Advent is calling, beckoning Catholics to retrench, reconsider, re-evaluate. The economic downturn has revealed an enormous tragic flaw in personal and public policy, and one only has to listen for the wailing and gnashing of teeth to pinpoint its location.
Oppressed by Egyptian taskmasters, the Lord heard the cries of His weary people and sent a deliverer. They left Egypt for the desert with spoils of gold and silver, but barely out of sight of their slavery, complaints ensued. The dry desert lack revealed a more insidious bondage.
On the surface, their fear seems legitimate — one can hardly live without food and water — and God answered their accusations of neglect by refreshing them with daily water from a rock and manna from the sky. Not a word of thanksgiving is recorded.
Instead the “angels’ food,” inspired more “intense craving,” a polite way of communicating their lust for the variety and plenty enjoyed while slaves in Egypt.
“’Who will give us meat to eat?’ they said. ‘Think of the fish we used to eat free in Egypt, the cucumbers, melons, leeks, onions and garlic! But now we are withering away; there is nothing wherever we look except this manna!’” The disgusted Israelites regarded the simple, daily, miraculous manna as monotonous and unsatisfying, revealing a stunted capacity to digest spiritual sustenance.
Using every discomfort as an excuse to find fault and claim deprivation and neglect, the murmuring of the people and their offenses were regarded against God Himself, personally, and His own leadership and provision for them.
St. Jerome kindly explains the complaining by way of the fatigue of the journey, a fatigue we surely all share when feeling the extended pinch of slashed budgets and incomes, but the Lord patiently offers them a lesson by granting their desire:
“[S]ince you have wept in [God’s] hearing, saying: ‘Who will give us meat to eat? How happy we were in Egypt!’ Very well, Yahweh will give you meat to eat. You will eat it not for one day, or two, or five, or ten or twenty, but for a whole month, until it comes out of your nostrils and sickens you, since you have rejected Yahweh who is among you…” (Num. 11: 19-20).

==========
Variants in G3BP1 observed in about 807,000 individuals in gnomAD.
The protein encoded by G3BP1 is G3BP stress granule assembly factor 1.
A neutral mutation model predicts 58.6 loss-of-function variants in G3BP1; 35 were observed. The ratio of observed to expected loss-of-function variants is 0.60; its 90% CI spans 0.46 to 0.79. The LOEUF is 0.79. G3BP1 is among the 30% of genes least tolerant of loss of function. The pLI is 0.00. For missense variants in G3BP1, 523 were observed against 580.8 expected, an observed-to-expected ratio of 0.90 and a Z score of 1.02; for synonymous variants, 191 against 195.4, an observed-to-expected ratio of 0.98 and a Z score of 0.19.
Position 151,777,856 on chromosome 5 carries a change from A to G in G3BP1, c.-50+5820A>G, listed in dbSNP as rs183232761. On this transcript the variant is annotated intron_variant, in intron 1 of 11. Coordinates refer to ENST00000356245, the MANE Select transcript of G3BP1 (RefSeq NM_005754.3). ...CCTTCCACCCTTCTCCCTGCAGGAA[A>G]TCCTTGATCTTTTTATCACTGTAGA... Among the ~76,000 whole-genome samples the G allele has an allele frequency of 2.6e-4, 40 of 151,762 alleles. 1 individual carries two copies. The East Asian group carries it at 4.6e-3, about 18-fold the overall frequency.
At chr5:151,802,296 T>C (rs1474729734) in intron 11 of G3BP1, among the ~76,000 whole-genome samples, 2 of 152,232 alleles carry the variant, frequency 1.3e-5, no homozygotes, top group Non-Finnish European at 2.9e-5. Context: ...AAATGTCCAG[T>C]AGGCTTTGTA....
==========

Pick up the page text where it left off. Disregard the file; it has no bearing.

Psalm 78 offers a chilling interpretation of our spiritual ancestors’ experience, relating that they sinned against God by testing Him in their hearts and asking for food “for their desires.” He gave them what they fancied and did not deprive them of what they craved, but while the satisfaction was in their mouths, it was judgment that they swallowed.
It was not hunger or thirst that insulted God, just as it is not our own legitimate desires or needs that qualify as sin. We lie to ourselves when we indulge the belief that it was better for us when we were more prosperous, that we will die of lack in this economic desert.
Oblivious to the real poverty in huge portions of the earth and complaining constantly of lack of spice, we are the fool whose house is too small to hold his constant accumulation of stuff, stuff that requires a bigger house when the old is adequate (Luke 12:13-21); stuff that suffocates us to death in debt and cares.
In these times of economic downturn, emotional pressure mounts to collect “things” in an attempt to anesthetize ourselves from the reality of our spiritual condition, dependence, and we can hardly cease from bottom-feeding for something else to assuage the anxiety.
The Father has graciously provided what we need (Matt. 6:31-34). It is we who reject his provision in favor of immediate, but temporary, satiation. We limit God, refusing to wait on His counsel, demanding what we crave in the desert, all the time accusing Him of lack of care (Ps. 106:13-15).
We must discipline ourselves in times of perceived deprivation, for God may grant our request, as He did the Israelites’, but as it runs out our noses we are quickly disgusted by what previously delighted us: the Christmas bling gives way to the burden of glaring credit card payments in the face of an unforeseen and devastating job loss.
When we persist in rejecting God’s provision for us, either in the timing or the substance, do we suspect judgment: leanness of soul, days consumed in futility, years in fear (Ps. 106:13-15; 78:33), and finally, the forfeit of the freedom we were on our way to meet (Ps. 95)?
I think not. I think, instead, our corpses fall as blindly as the Israelites’ into “graves of the craving” (Num. 11:34), and we never see the Promised Land or the wonders of the infant Savior.
Advent suggests we embrace our dependence and change how we deal with Christmas pressures. Jesus is coming! What shall we offer Him? “I will lift up the cup of salvation and call on the name of the Lord” (Ps. 116:12).
Simplicity is a priceless gift of Advent, one in which Jesus offers Himself in the Cup of the Eucharist and asks us to call on Him for help to resist capitulating to obsessive consumerism, to determine to be content with what He has provided, and thereby receive what truly satisfies this Christmas.